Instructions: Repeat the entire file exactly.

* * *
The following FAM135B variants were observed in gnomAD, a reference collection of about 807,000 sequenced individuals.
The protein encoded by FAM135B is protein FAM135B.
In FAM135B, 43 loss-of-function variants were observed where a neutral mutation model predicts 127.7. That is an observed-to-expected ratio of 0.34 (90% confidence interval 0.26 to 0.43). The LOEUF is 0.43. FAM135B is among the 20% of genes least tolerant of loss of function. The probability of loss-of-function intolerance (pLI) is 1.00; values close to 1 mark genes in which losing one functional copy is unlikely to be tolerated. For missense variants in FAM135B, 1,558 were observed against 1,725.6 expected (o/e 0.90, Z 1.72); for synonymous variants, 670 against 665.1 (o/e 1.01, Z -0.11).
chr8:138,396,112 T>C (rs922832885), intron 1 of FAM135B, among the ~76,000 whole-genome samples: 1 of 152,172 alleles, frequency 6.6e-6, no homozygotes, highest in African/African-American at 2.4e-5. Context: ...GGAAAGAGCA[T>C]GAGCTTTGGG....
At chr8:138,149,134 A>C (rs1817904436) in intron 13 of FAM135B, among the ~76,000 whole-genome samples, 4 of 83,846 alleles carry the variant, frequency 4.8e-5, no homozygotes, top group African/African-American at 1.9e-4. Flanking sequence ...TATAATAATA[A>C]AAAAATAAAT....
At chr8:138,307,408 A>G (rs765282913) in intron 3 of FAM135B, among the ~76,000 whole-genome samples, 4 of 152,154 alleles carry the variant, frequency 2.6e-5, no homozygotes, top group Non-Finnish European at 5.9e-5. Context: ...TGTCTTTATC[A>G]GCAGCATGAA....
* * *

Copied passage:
The following FAM135B variants were observed in gnomAD, a reference collection of about 807,000 sequenced individuals.
The protein encoded by FAM135B is protein FAM135B.
In FAM135B, 43 loss-of-function variants were observed where a neutral mutation model predicts 127.7. That is an observed-to-expected ratio of 0.34 (90% confidence interval 0.26 to 0.43). The LOEUF is 0.43. FAM135B is among the 20% of genes least tolerant of loss of function. The probability of loss-of-function intolerance (pLI) is 1.00; values close to 1 mark genes in which losing one functional copy is unlikely to be tolerated. For missense variants in FAM135B, 1,558 were observed against 1,725.6 expected (o/e 0.90, Z 1.72); for synonymous variants, 670 against 665.1 (o/e 1.01, Z -0.11).
chr8:138,396,112 T>C (rs922832885), intron 1 of FAM135B, among the ~76,000 whole-genome samples: 1 of 152,172 alleles, frequency 6.6e-6, no homozygotes, highest in African/African-American at 2.4e-5. Context: ...GGAAAGAGCA[T>C]GAGCTTTGGG....
At chr8:138,149,134 A>C (rs1817904436) in intron 13 of FAM135B, among the ~76,000 whole-genome samples, 4 of 83,846 alleles carry the variant, frequency 4.8e-5, no homozygotes, top group African/African-American at 1.9e-4. Flanking sequence ...TATAATAATA[A>C]AAAAATAAAT....
At chr8:138,307,408 A>G (rs765282913) in intron 3 of FAM135B, among the ~76,000 whole-genome samples, 4 of 152,154 alleles carry the variant, frequency 2.6e-5, no homozygotes, top group Non-Finnish European at 5.9e-5. Context: ...TGTCTTTATC[A>G]GCAGCATGAA....